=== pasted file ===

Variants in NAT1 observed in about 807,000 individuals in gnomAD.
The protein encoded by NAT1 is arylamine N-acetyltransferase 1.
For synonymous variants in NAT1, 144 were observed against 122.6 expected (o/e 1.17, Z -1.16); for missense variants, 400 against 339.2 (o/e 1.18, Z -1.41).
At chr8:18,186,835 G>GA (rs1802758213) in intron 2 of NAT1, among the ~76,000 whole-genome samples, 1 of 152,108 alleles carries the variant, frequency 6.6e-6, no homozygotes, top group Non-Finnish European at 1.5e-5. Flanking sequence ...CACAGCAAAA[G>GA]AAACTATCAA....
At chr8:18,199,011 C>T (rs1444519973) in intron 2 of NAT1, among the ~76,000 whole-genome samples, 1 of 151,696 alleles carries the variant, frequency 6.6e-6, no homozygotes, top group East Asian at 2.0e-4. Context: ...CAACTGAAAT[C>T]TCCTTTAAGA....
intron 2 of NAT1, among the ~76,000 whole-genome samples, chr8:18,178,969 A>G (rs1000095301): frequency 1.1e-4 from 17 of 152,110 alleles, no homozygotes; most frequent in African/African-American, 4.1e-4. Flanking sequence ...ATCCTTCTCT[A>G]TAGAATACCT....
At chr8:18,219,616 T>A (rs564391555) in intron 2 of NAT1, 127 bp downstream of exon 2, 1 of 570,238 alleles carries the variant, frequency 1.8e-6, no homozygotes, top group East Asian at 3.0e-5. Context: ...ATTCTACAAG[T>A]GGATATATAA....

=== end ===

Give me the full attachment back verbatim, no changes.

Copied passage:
Variants in NAT1 observed in about 807,000 individuals in gnomAD.
The protein encoded by NAT1 is arylamine N-acetyltransferase 1.
For synonymous variants in NAT1, 144 were observed against 122.6 expected (o/e 1.17, Z -1.16); for missense variants, 400 against 339.2 (o/e 1.18, Z -1.41).
At chr8:18,186,835 G>GA (rs1802758213) in intron 2 of NAT1, among the ~76,000 whole-genome samples, 1 of 152,108 alleles carries the variant, frequency 6.6e-6, no homozygotes, top group Non-Finnish European at 1.5e-5. Flanking sequence ...CACAGCAAAA[G>GA]AAACTATCAA....
At chr8:18,199,011 C>T (rs1444519973) in intron 2 of NAT1, among the ~76,000 whole-genome samples, 1 of 151,696 alleles carries the variant, frequency 6.6e-6, no homozygotes, top group East Asian at 2.0e-4. Context: ...CAACTGAAAT[C>T]TCCTTTAAGA....
intron 2 of NAT1, among the ~76,000 whole-genome samples, chr8:18,178,969 A>G (rs1000095301): frequency 1.1e-4 from 17 of 152,110 alleles, no homozygotes; most frequent in African/African-American, 4.1e-4. Flanking sequence ...ATCCTTCTCT[A>G]TAGAATACCT....
At chr8:18,219,616 T>A (rs564391555) in intron 2 of NAT1, 127 bp downstream of exon 2, 1 of 570,238 alleles carries the variant, frequency 1.8e-6, no homozygotes, top group East Asian at 3.0e-5. Context: ...ATTCTACAAG[T>A]GGATATATAA....